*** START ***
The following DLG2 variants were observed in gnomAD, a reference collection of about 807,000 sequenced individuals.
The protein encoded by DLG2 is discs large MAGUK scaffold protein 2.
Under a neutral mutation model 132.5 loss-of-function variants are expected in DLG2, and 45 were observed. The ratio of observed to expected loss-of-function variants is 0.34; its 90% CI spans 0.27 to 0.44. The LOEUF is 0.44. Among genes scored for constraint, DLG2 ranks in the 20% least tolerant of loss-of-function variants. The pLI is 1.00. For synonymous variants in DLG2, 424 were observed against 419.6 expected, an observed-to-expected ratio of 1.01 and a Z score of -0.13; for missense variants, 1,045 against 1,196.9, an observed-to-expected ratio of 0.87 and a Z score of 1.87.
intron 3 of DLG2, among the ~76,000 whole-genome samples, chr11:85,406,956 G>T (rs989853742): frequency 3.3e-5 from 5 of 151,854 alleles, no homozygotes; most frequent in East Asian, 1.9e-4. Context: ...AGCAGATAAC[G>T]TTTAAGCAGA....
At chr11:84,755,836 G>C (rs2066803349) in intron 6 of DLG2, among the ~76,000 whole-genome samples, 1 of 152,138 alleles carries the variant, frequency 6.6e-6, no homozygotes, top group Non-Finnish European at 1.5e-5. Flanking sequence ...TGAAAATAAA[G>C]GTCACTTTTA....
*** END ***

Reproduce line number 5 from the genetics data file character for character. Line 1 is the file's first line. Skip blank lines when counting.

At chr11:84,755,836 G>C (rs2066803349) in intron 6 of DLG2, among the ~76,000 whole-genome samples, 1 of 152,138 alleles carries the variant, frequency 6.6e-6, no homozygotes, top group Non-Finnish European at 1.5e-5. Flanking sequence ...TGAAAATAAA[G>C]GTCACTTTTA....